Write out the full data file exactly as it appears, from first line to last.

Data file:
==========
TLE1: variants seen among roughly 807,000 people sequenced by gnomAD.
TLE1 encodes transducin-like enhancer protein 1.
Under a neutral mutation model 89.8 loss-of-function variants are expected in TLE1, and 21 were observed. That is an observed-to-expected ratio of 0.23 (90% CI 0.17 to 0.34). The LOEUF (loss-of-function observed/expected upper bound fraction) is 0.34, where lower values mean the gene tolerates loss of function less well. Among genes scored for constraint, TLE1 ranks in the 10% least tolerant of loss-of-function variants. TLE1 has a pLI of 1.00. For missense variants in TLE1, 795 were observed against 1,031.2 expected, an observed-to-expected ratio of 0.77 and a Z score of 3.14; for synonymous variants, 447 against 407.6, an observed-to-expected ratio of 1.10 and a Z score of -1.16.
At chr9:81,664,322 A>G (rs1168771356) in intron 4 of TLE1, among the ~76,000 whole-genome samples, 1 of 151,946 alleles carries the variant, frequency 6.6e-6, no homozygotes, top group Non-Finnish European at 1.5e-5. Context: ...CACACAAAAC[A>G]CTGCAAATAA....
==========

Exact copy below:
TLE1: variants seen among roughly 807,000 people sequenced by gnomAD.
TLE1 encodes transducin-like enhancer protein 1.
Under a neutral mutation model 89.8 loss-of-function variants are expected in TLE1, and 21 were observed. That is an observed-to-expected ratio of 0.23 (90% CI 0.17 to 0.34). The LOEUF (loss-of-function observed/expected upper bound fraction) is 0.34, where lower values mean the gene tolerates loss of function less well. Among genes scored for constraint, TLE1 ranks in the 10% least tolerant of loss-of-function variants. TLE1 has a pLI of 1.00. For missense variants in TLE1, 795 were observed against 1,031.2 expected, an observed-to-expected ratio of 0.77 and a Z score of 3.14; for synonymous variants, 447 against 407.6, an observed-to-expected ratio of 1.10 and a Z score of -1.16.
At chr9:81,664,322 A>G (rs1168771356) in intron 4 of TLE1, among the ~76,000 whole-genome samples, 1 of 151,946 alleles carries the variant, frequency 6.6e-6, no homozygotes, top group Non-Finnish European at 1.5e-5. Context: ...CACACAAAAC[A>G]CTGCAAATAA....